Vulnerable South London woman failed by organisations that should have helped
A vulnerable young woman trying to overcome severe mental health problems has been put at significant risk of self-harm, after the organisations which should have looked after her failed multiple times to provide specialist aftercare services.
The Local Government and Social Care Ombudsman (LGSCO), and Parliamentary and Health Service Ombudsman (PHSO) investigated the woman and her family’s complaints and found serious concerns with the way her situation was handled.
The woman, who lives in the Croydon area, had spent a long time in the care system before she was adopted. As a young teenager her mental health deteriorated to such an extent she was sectioned under the Mental Health Act.
She should have left hospital with a package of aftercare agreed between the London Borough of Croydon, South London and Maudsley NHS Trust and the former NHS South West London Clinical Commissioning Group (now the NHS South West London Integrated Care Board). However this did not happen. This ‘Section 117 aftercare’ package is a legal entitlement, which should have helped to ensure she was not readmitted to hospital.
The young woman’s mental health repeatedly deteriorated. Her specific conditions meant she struggled to maintain relationships and led to behaviour which put her at risk of harm or accidental death.
Her family struggled to get her the help and support she needed, and the woman has admitted without their support she might not be alive today. At one point the Trust insisted the only place the young woman could access treatment was at the hospital in which she witnessed her best friend’s suicide.
In addition to the lack of support, the woman has not been able to access the enhanced Personal Independence Payment (PIP) benefits she is entitled to claim, and this has had a major impact on both her and her family’s finances.
She was also unable to access supported living accommodation away from her parents, as Croydon council insisted her parents needed to formally make her homeless before this would be offered. Her parents refused to do this understanding the impact it would have on her fragile mental health.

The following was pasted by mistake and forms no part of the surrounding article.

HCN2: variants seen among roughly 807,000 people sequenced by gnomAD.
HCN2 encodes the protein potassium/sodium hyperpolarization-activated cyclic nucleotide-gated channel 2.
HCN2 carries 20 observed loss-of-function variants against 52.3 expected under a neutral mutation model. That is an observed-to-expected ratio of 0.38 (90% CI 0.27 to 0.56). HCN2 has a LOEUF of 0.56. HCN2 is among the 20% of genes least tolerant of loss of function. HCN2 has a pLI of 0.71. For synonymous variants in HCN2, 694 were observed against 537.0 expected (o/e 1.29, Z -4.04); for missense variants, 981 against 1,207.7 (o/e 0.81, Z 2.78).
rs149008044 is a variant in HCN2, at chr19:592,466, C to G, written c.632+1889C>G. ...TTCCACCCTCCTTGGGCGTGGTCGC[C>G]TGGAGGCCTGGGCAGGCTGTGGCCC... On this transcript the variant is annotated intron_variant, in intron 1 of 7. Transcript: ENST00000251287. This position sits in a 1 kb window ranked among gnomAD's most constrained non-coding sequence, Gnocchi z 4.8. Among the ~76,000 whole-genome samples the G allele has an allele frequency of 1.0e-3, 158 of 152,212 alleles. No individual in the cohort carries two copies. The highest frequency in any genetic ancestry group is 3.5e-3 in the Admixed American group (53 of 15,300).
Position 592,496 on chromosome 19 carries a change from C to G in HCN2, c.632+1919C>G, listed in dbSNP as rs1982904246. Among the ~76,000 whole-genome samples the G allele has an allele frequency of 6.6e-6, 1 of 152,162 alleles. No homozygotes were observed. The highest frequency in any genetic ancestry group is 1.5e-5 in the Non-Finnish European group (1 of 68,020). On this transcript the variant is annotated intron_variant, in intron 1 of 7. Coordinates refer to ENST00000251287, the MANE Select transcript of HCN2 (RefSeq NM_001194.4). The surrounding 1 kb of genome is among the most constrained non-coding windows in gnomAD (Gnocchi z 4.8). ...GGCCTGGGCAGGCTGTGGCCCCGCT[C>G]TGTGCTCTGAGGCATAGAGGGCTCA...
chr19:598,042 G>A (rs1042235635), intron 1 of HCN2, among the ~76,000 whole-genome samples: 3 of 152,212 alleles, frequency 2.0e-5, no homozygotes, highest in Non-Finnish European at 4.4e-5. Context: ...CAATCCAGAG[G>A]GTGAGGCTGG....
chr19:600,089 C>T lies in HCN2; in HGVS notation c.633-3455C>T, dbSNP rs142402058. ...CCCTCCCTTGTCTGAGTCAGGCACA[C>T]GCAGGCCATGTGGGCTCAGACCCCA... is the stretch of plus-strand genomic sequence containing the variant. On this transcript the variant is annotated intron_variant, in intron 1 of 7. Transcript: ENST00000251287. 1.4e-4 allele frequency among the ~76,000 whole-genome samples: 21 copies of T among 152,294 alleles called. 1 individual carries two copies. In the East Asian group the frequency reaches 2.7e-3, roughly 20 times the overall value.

The investigation by the two Ombudsman services also found the parents’ need for support as carers was not met, and there were times when information about their daughter’s health should have been shared with them but was not.
Michael King, Local Government and Social Care Ombudsman, yesterday said:
“The young woman in this case tells me she feels she has been cast adrift by the organisations who should have helped her, over many years.
“Despite it having been a legal obligation for nearly 40 years, these organisations are still not getting it right when it comes to working together to provide Section 117 aftercare.
“I am concerned the situation in this case is not unique, and is likely to be happening to other people in the area. Indeed, the ICB still has yet to make direct payments available to people to choose their own aftercare services – something which should have been in place from December 2019.
“I hope by publishing this report, that the organisations involved, and those across the country, can revisit their policies and procedures and learn from what has gone wrong.”
Rob Behrens, Parliamentary and Health Service Ombudsman, yesterday said:
“This young woman underwent a traumatic experience and the failures outlined in this case had a devastating impact on her and on her family. All three organisations failed in their duty of care by not providing the support to which she was entitled. They risked her long-term recovery and placed undue pressure on her parents as her carers.
“I want to see the organisations involved learning from their mistakes and using complaints like this as a driver to improve services in mental health aftercare.”
The role of the Local Government and Social Care Ombudsman and Parliamentary and Health Service Ombudsman is to remedy injustice and share learning from investigations to improve public services. They also have the power to make recommendations to improve processes for the wider public
In this case the three organisations have agreed to apologise to the young woman.
Between them, the organisations under investigation have agreed to pay the woman a total of £12,750 in recognition of avoidable stress, frustration, increased risk of harm and outrage, as well as missed opportunities to claim PIP benefits. They will also pay each parent a total of £1,500 in recognition of the injustice they too have faced.
The council will also carry out carers’ assessments for the parents. Together, all three organisations will ensure the young woman has a plan that clearly sets out her section 117 aftercare, and an explanation on how she can request a personal health budget.
The council will review its processes for ensuring carers can have their needs assessed.
The Trust and council will also ensure relevant staff properly understand the law relating to supported accommodation. The Trust will also review a number of its practices, including those around record keeping, working collaboratively and addressing patients’ disclosures of risks to others.
The Trust, council and ICB will work together to ensure the proper processes and record keeping are in place and that everyone to whom they owe a section 117 duty has a care plan in place.
The ICB will take urgent action to ensure its processes around Personal Health Budgets comply with relevant law and guidance.
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